Kuwait has a culture of consumerism, says economist Hajjaj Bukhadour. The level of consumerism there is a major factor in inflation in Kuwait, and is being supported by a reliance on imports. The Kuwait Food and Drink Q4 report of 2011, compiled by Business Monitor International, has reported that Kuwait's inflation and food consumption are steadily continuing to rise, hand in hand.
The 2010 food consumption growth was four percent, and is forecast to reach 28.5 percent by 2015 with per capita food consumption growth forecasted to reach 16 percent by 2015. The rise in inflation is nearly three times the rise in consumption, as reported by the World Bank's 2011 Food Price Watch report which found that Kuwait is witnessing the fourth highest food price inflation rates in the Middle East after Iran, Egypt and Syria. Kuwait's inflation on food prices was reported to currently stand at 12 percent.
Raising inflation hasn't quelled consumption rates whatsoever and as a result, imports have shot up and, according to the Central Bank's figures, so have food costs. This is unsurprising given that the Q4 report described Kuwait as being a 'highly import-dependent country', with Arab countries consistently remaining the largest net cereal importers in the world according to the World Bank's report.
Inflation, Bukhadour said, was spurred by the type of foods being imported. "When you import low-quality products, the inflation goes up. Low-quality products are cheap, so they're consumed in high amounts which also can spark inflation. As expenditures rise, so will inflation. It's a cycle." He added "Controls should be put on imports to check for quality. In this way, consumption will decrease.
The reasons for the consumerism culture Kuwait has found itself in are three-fold, according to Bukhadour: "Opportunity, population and values are all central issues. " Opportunity refers to the extent to which Kuwait can produce food for itself. Restrictions on the extent to which Kuwait can produce, however, include binding production constraints in the form of scarce water and land resources, according to the World Bank. Bukhadour added, "Kuwait should rely more on itself with regards to services and agriculture, in order to cut the dependency on foreign imports. Buying land abroad to use for agricultural production for Kuwait is a very good strategic choice which deserves further investment and more serious action." This is especially relevant given that, in their 2008 Aquastat report, UN's Food and Agriculture organization (FAO) noted that agriculture (including fisheries) accounts for almost 0 percent of GDP in Kuwait. Buying land in poorer nations, however, is a practice popular with Gulf states and Kuwait already leased land in Cambodia. However, negative cons equences for locals of countries that have sold or leased land for agricultural purposes have been reported, so it remains a controversial issue.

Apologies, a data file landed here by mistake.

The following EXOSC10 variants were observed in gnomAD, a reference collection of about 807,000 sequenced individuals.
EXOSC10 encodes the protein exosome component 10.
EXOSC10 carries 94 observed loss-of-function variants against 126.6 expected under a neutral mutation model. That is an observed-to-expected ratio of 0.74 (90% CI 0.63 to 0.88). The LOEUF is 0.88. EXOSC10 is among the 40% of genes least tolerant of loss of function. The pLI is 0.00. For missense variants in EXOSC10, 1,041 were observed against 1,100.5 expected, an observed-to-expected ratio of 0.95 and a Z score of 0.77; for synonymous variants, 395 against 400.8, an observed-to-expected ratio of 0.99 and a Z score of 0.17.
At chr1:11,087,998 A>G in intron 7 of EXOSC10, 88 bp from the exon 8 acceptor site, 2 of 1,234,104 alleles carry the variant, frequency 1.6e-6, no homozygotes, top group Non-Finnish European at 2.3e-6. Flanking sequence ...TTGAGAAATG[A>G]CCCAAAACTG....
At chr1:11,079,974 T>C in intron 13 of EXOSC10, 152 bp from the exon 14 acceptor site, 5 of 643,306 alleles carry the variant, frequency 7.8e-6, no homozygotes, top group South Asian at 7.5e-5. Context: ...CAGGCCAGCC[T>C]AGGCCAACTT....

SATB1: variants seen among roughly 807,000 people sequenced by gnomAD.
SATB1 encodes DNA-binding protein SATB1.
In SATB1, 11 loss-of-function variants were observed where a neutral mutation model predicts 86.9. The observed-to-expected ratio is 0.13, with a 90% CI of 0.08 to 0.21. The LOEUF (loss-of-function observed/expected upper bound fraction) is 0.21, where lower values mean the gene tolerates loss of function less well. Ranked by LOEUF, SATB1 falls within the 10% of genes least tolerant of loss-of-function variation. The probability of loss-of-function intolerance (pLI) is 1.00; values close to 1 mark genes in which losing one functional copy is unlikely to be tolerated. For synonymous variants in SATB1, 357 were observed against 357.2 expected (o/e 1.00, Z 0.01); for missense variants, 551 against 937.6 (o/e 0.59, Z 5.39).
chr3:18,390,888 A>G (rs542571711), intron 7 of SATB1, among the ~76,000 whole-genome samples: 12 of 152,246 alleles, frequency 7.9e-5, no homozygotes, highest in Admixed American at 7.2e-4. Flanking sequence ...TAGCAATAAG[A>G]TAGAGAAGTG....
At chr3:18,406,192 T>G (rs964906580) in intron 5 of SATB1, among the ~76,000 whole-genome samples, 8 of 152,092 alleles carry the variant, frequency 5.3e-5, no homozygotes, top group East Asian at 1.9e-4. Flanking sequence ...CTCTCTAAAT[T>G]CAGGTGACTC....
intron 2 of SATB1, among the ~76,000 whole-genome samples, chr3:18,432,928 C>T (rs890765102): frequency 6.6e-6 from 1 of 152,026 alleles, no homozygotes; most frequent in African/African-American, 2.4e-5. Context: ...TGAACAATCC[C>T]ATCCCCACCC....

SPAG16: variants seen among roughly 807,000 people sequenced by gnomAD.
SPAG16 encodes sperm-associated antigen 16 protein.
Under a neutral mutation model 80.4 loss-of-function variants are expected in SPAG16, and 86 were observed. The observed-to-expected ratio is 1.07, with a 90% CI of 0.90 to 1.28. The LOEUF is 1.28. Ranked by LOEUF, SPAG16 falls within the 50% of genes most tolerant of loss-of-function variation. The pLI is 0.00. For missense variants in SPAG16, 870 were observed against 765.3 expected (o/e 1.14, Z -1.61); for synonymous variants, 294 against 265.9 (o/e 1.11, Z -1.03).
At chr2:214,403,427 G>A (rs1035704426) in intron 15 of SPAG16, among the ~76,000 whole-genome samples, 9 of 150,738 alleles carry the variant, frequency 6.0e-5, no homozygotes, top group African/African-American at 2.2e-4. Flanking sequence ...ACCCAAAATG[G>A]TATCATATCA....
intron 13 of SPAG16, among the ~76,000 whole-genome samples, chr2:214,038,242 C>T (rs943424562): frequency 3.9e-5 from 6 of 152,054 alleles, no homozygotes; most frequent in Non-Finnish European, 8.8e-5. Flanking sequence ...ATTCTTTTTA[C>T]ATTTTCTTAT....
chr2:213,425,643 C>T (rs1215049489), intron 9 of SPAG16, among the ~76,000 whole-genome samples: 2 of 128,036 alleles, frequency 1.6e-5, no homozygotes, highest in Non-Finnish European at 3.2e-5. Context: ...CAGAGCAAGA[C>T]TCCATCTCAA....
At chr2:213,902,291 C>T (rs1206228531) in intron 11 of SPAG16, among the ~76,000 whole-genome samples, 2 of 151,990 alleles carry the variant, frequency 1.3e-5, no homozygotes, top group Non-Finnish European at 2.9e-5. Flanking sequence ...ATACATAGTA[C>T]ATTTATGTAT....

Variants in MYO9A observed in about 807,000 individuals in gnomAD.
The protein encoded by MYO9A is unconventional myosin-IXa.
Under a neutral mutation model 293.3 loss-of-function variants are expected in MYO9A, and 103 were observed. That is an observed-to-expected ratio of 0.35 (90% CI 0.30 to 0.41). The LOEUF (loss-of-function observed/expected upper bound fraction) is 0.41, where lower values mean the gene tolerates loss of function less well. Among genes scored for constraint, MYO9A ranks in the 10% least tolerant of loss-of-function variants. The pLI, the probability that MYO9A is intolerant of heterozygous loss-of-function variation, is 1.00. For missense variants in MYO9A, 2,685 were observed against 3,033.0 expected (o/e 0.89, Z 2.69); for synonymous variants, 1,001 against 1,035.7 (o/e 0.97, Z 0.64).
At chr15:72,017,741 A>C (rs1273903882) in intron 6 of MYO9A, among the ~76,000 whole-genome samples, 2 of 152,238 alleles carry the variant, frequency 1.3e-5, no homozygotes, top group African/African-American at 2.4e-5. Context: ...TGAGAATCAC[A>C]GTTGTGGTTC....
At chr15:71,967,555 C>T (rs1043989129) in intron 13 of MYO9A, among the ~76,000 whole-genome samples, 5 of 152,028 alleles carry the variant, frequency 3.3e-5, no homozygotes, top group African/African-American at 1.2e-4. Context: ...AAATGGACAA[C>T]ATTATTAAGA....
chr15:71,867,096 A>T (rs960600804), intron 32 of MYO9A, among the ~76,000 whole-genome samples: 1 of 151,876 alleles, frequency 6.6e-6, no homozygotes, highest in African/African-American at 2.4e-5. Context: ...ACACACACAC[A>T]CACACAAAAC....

More money plus population pressures
The increasing population size has, understandably, also fuelled increased consumption and, as a result, reliance on import and increasing inflation. Income growth has further fuelled reliance on imports, according to the World Bank and the combination of excess disposable income and more mouths to feed has expanded spending across Kuwait.
Bukhadour insisted that the solution requires increased responsibility, "Societies, including Kuwait, must try and strike a balance with nature. Imports and consumerism, and the negative consequences excessive consumerism brings, would go down if families were more careful, both in terms of the number of children they have and regarding how they live, for example the size of their homes and the amount they must buy to fill them.
The final remedy is concerned with the values of society and of those in power. Bukhadour noted "Politicians must direct people carefully and not try and increase loyalty through rising salaries and disposable income, salary policy needs to be rethought." He added: "This all comes down to a culture of consumerism, but saving should be promoted over spending. Too many things are based around spending and consumerism, even love and emotion are expressed with products and sharing has been replaced with indulg ence.
He further commented, however, that such behavior can be encouraged by policy. "If the Central Bank introduces the wrong policies, such as decreasing interest, the market will be flooded with liquidity of cash and consumption will also rise. Printing extra cash is also detrimental, as it further fuels the consumption cycle even more. Cash flow should be reduced in the market through appropriate monetary policies. Prices will continue to rise as long as demand goes up. The market needs to be activated by developmental projects instead of projects revolving around consumption," concluded Bukhadour. In the case of food consumption, this is especially relevant as the Kuwait Food and Drink Q4 report found that food was the main contributor fuelling higher inflation.